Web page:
Back in August, when we wrote that “A Stunning 60% Of All Home Purchases Are “Cash Only” – A 200% Jump In Five Years” based on Goldman data, many laughed, unable to fathom that the majority of the US housing market has become a flippers’ game played by institutions and the uber wealthy, who don’t need a stinking mortgage to buy that South Beach mansion. The implication of course being that housing is not effectively shut for that part of the population – the vast majority – that relies on credit to be able to purchase a home (a finding confirmed by the ongoing collapse in mortgage applications).
As it turns out we were just a little ahead of the curve as usual, and as real estate company RealtyTrac reported overnight, with data that naturally is delayed due to the delayed impact of houses coming out of the much delayed foreclosure pipeline, “All-cash purchases accounted for 42.1 percent of all U.S. residential sales in December, up from a revised 38.1 percent in November, and up from 18.0 percent in December 2012.” That’s a 10% increase in one month for a 6-9 month delayed series, which means that in reality, roughly about 60% of all homes are now purchased with cold, hard cash.
The chart below shows how in June and July the data finally started reflecting the Fed’s September 2012 QEternity reality. As we said: 6-9 month lag.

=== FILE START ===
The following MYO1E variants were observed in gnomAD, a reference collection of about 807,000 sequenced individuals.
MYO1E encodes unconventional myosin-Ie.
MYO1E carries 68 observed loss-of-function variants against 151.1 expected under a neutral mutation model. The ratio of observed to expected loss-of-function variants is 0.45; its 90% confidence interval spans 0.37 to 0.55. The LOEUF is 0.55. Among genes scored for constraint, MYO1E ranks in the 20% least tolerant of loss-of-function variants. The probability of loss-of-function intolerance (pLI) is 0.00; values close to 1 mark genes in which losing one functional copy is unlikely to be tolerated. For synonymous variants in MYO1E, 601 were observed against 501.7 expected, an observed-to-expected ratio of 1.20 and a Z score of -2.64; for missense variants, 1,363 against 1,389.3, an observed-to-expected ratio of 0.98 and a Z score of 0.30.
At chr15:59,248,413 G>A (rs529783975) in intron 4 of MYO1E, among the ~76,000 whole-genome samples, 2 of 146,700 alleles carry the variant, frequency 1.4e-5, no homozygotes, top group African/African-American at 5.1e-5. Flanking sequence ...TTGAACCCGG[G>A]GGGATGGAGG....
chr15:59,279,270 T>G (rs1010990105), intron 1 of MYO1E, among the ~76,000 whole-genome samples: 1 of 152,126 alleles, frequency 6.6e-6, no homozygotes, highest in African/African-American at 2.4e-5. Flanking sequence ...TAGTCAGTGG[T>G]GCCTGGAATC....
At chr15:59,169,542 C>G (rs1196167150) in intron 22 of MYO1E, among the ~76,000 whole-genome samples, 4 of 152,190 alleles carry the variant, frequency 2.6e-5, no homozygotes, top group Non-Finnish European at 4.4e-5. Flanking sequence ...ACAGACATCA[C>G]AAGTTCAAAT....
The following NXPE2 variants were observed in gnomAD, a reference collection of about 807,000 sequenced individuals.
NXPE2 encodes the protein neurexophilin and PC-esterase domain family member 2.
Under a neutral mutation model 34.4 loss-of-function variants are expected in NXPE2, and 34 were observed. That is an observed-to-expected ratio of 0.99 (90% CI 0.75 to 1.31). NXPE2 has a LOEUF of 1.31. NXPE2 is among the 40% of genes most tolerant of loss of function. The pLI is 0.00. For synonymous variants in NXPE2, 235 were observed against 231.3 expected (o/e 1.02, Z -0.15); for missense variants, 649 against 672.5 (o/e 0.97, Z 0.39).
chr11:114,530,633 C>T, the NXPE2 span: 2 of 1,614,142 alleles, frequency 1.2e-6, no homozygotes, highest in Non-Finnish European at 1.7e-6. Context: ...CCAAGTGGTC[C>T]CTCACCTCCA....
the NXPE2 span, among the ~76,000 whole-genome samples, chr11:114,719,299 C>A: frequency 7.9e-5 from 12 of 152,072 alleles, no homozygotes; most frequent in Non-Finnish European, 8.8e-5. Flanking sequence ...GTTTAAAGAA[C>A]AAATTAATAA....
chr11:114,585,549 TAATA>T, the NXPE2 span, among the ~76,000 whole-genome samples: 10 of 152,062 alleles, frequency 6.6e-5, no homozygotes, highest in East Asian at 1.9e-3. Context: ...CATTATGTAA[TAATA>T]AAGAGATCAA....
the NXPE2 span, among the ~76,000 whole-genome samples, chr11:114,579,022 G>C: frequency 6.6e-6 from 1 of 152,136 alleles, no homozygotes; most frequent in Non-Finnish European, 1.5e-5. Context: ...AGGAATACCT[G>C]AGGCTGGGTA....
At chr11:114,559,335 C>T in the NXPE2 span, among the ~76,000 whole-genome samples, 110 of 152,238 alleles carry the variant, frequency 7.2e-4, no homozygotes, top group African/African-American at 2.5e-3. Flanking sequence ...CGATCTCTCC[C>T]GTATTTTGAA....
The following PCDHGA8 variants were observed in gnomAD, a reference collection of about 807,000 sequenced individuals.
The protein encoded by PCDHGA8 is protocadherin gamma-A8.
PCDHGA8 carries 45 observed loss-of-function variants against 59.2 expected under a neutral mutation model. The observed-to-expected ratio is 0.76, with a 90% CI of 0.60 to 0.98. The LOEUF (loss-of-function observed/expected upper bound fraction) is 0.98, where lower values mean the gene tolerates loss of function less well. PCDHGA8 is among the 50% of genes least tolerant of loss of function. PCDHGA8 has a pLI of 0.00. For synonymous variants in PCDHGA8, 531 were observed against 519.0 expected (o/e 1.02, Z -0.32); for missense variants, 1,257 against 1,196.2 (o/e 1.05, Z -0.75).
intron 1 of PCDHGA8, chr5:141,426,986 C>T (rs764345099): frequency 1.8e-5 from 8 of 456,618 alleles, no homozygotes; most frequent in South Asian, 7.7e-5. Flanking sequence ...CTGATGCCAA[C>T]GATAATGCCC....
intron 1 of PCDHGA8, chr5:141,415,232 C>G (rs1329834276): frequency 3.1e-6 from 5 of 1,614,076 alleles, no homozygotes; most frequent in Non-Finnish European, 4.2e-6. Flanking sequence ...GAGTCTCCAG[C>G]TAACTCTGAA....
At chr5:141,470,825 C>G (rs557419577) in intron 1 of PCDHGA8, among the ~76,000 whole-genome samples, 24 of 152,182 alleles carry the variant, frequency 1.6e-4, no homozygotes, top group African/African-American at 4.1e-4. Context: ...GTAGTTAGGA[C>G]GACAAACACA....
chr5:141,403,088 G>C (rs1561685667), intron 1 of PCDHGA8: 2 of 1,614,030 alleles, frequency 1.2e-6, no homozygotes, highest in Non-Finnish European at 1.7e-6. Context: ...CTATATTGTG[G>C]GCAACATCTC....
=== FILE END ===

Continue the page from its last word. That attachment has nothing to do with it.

Incidentally, broken down by states, this is already confirmed in places like Florida, Wisonsin and Alabama. From RealtyTrac:
States where all-cash sales accounted for more than 50 percent of all residential sales in December included:
- Florida (62.5 percent),
- Wisconsin (59.8 percent),
- Alabama (55.7 percent),
- South Carolina (51.3 percent),
- Georgia (51.3 percent).
And rising fast.
At this pace the entire US housing market will be at the mercy of flippers who have access to unlimited funding and are only buying a home, with zero regard for cost, in hopes of selling it to an even greater fool. Obviously, that has endless cheap credit happy ending written all over it.
As for everyone else: please pay your landlord, Blackstone, at the end of the month.